Ageing Creatively Through Dance with Diane Amans

During her Churchill Fellowship travels, internationally renowned dance practitioner and, author Diane Amans, very generously responded to my request and led two workshops for interested people.  On the first day, Diane shared her experience in training dance practitioners (as you can see her doing in the  DVD featured below) and facilitating classes for people with dementia, to ensure she or he can attend dance classes without any concern about “getting it wrong.  On the second occasion, Diane repeated some of that work but focussed more on encouraging participants to see dance as a wonderful opportunity to age creatively, whilst having a huge amount of fun dancing and  moving, for the joy of it.

The following video, features a dance class, happening on a regular basis in a retirement village.  It is an excellent example of participants engaging in a failure free joyful occasion where they are encouraged to express themselves through movement.
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Come Dance With Me


Come Dance With Me

Recall old steps from memory, choose to create new ones, no matter, there is no wrong way, only your way. Designed to engage people living with dementia, these dance events offer lots of fun, exercise and joyful expression through movement. We have seen some inspiring results both in increased sociability, sustained friendships, moments of fun and truly inspiring creativity, and exciting, heart warming improvements in cognitive function. This is most obvious in the domains of communication, increased ability to focus, pay attention, concentrate and stay in the moment, orientation to time place and person and a very rewarding decrease in  periods of anxiety. For me (Beverley Giles), as coordinator, possibly best of all, is the strength of the friendships developed and the wonderful way participants support each other through down times and  boost self esteem as they achieve milestones together.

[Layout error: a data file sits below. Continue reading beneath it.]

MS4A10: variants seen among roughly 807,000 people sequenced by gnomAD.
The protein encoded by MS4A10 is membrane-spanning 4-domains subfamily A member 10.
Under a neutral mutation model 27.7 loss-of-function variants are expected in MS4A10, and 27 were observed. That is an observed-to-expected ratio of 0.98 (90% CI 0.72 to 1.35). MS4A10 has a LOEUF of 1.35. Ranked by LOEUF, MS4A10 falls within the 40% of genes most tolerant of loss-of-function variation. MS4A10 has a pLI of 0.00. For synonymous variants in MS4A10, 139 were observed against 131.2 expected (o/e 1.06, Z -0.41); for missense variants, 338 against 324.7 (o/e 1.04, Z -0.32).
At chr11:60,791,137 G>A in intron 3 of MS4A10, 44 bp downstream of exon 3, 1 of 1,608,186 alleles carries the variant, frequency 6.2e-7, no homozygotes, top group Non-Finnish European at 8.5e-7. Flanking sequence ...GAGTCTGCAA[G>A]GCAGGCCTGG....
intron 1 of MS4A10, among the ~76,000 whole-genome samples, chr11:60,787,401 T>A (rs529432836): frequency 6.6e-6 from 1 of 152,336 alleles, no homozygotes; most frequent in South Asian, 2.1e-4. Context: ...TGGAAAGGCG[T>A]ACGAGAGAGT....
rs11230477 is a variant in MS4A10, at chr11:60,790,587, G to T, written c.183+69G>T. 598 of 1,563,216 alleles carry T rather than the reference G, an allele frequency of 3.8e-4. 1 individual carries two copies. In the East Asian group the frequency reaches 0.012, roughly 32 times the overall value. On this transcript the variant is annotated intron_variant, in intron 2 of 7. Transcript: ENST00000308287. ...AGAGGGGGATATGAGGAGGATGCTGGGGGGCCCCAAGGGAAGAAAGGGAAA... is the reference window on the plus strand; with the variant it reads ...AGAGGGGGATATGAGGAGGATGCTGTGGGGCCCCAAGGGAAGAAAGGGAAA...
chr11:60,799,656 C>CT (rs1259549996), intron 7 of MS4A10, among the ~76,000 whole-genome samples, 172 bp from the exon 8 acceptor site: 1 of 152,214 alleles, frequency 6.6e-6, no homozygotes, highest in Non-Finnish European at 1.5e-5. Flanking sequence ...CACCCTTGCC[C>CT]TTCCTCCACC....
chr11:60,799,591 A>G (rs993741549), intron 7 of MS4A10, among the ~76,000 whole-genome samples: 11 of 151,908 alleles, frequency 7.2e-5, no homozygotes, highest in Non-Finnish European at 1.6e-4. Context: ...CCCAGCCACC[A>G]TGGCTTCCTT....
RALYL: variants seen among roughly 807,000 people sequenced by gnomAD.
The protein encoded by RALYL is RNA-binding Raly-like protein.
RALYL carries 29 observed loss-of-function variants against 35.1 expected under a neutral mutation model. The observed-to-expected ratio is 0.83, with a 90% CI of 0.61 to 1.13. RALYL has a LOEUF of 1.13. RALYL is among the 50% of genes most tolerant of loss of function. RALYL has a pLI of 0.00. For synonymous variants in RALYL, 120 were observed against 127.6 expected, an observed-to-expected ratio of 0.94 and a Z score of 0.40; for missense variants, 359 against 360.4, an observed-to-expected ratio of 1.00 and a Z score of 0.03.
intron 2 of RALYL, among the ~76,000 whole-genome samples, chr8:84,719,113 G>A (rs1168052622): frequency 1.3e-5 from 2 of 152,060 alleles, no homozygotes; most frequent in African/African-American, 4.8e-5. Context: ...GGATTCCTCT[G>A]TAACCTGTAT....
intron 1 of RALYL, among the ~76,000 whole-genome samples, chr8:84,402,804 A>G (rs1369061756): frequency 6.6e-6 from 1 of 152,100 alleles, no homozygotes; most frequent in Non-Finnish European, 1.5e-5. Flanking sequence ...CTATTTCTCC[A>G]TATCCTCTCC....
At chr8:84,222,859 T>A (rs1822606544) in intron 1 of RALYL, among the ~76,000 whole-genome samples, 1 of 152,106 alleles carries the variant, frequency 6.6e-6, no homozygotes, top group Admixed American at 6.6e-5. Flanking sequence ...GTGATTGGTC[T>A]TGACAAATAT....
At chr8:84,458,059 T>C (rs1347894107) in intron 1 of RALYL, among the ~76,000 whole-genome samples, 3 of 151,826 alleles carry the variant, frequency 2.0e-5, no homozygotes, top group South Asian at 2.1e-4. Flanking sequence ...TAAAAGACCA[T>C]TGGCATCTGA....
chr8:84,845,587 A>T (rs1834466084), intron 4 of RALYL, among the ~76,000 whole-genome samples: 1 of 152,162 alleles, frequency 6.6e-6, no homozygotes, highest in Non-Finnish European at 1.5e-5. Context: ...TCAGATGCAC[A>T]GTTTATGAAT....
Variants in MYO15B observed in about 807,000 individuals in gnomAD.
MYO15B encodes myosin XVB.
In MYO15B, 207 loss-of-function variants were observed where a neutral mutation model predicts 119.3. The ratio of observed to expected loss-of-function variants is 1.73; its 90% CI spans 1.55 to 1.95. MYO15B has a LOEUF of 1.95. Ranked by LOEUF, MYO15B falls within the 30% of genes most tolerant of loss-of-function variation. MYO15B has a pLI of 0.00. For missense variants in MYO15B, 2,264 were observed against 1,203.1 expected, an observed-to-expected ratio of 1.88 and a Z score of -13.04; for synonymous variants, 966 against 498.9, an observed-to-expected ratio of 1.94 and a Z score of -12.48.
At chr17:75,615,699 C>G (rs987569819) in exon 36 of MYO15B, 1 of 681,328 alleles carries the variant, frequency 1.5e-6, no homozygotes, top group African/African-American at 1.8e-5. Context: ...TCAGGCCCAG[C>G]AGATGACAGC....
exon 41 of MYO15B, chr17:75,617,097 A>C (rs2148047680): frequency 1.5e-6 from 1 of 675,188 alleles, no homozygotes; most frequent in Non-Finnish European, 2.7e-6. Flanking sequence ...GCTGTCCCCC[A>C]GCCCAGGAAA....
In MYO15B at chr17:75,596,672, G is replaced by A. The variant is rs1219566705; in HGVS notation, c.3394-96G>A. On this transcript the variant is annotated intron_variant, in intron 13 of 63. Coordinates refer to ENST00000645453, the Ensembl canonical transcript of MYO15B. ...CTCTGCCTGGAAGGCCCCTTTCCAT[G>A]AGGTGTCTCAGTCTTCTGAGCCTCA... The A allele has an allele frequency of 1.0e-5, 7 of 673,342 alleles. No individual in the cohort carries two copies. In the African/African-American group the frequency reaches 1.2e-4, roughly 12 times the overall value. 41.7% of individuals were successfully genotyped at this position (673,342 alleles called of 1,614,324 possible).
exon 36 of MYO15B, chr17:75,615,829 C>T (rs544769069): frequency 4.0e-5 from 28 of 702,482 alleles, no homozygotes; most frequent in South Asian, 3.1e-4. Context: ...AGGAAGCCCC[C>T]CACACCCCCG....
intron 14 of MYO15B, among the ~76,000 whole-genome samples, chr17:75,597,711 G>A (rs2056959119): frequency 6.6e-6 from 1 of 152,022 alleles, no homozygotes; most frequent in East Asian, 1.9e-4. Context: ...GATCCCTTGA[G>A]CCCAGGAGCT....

Although the class is set up for people living with dementia, each person is there as a dancer not a sufferer, or any such label. The class has been going for nearly five years and a great time is had by all. Partners are welcome and morning tea is an acknowledged highlight. The class is held on Tuesday Morning for six weeks at a time, with a one week break between each six week block. The current  round began on 15th January, 2019 and will run until 19th in 6 week cycles until December 10th, 2019. Dates for next year still to be decided.

Come Dance With Me is held at Dementia Friendly Metro Community Hub, 22 Qualtrough Street, Wooloongabba from 10 .30 am to 12.30 pm. The management and staff there have always been very supportive of our group. When Dementia Australia decided it would no longer fund the class, they immediately stepped up to give us use of the hall free, plus funding for morning tea,. With their support we have gone from strength to strength ever since. Now with Lizzie Vilmanis as our teacher, it’s full steam head, Yay! for us.

Lizzie, dancer extraordinaire, is one of the most beautiful people I have ever met. She started with us on Tuesday 22nd January, 2019.  After just two classes, I can’t tell you how much joy there is in watching how she listens, responds, enjoys, all the interactions she has with each unique individual in the group and their partners. Whoopee! At last, our dancers have a person to teach who “gets it”, who perceives and delights in the wonderful uniqueness of each person in the group.